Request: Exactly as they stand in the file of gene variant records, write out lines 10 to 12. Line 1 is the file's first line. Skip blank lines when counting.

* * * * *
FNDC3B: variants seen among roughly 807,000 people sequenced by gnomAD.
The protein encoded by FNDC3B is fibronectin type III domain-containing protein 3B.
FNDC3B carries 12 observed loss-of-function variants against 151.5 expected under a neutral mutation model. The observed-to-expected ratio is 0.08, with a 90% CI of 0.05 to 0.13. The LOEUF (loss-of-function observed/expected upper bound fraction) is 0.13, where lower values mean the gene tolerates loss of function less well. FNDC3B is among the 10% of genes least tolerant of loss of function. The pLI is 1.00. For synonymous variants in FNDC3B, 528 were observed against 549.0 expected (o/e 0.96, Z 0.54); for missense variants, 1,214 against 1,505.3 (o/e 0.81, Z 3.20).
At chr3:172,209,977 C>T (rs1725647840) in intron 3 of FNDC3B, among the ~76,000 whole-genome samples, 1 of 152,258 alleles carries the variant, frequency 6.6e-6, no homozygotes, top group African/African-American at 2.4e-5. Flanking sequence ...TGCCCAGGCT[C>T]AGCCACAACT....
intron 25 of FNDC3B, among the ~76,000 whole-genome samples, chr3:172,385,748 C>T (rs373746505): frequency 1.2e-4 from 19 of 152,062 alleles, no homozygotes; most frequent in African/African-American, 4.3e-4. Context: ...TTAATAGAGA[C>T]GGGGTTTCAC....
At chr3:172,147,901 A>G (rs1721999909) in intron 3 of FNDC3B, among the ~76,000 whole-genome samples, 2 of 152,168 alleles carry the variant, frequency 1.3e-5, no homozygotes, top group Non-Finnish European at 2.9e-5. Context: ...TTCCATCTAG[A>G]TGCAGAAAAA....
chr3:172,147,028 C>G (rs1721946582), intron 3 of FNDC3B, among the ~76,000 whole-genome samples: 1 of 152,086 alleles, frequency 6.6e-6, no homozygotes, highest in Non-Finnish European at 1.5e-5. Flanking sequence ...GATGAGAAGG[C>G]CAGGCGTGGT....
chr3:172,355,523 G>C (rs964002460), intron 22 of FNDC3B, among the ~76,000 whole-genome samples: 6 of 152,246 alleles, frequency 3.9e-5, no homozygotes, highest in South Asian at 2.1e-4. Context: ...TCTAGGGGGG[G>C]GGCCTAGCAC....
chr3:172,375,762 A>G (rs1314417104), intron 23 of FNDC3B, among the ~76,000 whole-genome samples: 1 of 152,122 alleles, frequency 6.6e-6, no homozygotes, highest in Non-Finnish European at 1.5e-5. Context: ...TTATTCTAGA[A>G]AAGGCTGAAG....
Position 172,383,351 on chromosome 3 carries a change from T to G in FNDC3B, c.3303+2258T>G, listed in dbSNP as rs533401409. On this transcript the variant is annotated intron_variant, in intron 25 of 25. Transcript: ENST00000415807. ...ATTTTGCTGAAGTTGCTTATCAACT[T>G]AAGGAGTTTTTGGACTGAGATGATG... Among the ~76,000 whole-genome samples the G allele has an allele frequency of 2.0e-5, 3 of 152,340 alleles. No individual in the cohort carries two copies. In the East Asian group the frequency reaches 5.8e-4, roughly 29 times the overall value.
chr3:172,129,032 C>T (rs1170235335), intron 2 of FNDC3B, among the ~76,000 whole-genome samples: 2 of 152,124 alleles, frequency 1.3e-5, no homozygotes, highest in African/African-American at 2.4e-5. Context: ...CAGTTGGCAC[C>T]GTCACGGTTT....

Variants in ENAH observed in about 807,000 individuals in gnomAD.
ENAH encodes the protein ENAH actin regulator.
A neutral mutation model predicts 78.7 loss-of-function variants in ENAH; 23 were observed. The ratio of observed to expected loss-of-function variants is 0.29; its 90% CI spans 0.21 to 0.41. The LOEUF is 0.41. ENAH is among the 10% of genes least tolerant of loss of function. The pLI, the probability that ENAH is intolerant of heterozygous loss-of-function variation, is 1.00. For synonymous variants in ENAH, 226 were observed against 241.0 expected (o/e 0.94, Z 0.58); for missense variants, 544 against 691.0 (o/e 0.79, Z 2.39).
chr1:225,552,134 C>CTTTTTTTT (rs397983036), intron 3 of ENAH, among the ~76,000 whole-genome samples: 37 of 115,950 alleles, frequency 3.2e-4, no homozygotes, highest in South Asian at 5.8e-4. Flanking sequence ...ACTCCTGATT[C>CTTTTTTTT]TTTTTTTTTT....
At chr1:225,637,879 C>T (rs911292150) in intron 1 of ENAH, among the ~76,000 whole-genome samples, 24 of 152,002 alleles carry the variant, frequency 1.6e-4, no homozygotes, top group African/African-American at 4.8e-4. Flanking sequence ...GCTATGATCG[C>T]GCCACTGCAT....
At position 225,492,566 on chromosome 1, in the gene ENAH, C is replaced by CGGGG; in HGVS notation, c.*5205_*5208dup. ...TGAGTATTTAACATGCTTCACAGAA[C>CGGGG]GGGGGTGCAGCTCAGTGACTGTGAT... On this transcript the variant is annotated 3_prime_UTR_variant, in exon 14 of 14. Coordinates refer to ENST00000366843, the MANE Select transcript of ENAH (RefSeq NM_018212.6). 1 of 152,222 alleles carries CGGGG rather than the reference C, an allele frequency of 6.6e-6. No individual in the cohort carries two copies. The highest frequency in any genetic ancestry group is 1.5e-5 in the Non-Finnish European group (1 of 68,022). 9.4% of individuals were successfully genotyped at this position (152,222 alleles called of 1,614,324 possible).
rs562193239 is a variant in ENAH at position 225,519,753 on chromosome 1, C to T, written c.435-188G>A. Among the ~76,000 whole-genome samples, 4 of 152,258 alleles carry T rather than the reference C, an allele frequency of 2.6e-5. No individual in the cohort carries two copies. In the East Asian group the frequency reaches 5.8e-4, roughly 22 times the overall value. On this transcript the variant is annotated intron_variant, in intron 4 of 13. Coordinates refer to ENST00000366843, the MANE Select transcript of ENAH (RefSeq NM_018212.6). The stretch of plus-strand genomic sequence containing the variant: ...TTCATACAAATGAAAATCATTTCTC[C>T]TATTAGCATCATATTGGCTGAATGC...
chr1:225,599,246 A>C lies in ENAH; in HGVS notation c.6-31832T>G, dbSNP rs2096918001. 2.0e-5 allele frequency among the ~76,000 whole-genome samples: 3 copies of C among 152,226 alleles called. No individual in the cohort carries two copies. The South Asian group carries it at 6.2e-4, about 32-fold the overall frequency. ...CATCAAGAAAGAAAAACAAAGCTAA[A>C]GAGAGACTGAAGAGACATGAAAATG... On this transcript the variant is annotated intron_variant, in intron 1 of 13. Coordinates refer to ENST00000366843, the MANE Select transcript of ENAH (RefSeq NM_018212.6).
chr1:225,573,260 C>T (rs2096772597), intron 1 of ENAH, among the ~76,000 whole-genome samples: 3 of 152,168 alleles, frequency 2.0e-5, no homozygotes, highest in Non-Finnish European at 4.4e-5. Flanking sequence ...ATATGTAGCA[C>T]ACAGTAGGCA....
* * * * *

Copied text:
Position 172,383,351 on chromosome 3 carries a change from T to G in FNDC3B, c.3303+2258T>G, listed in dbSNP as rs533401409. On this transcript the variant is annotated intron_variant, in intron 25 of 25. Transcript: ENST00000415807. ...ATTTTGCTGAAGTTGCTTATCAACT[T>G]AAGGAGTTTTTGGACTGAGATGATG... Among the ~76,000 whole-genome samples the G allele has an allele frequency of 2.0e-5, 3 of 152,340 alleles. No individual in the cohort carries two copies. In the East Asian group the frequency reaches 5.8e-4, roughly 29 times the overall value.
chr3:172,129,032 C>T (rs1170235335), intron 2 of FNDC3B, among the ~76,000 whole-genome samples: 2 of 152,124 alleles, frequency 1.3e-5, no homozygotes, highest in African/African-American at 2.4e-5. Context: ...CAGTTGGCAC[C>T]GTCACGGTTT....

Variants in ENAH observed in about 807,000 individuals in gnomAD.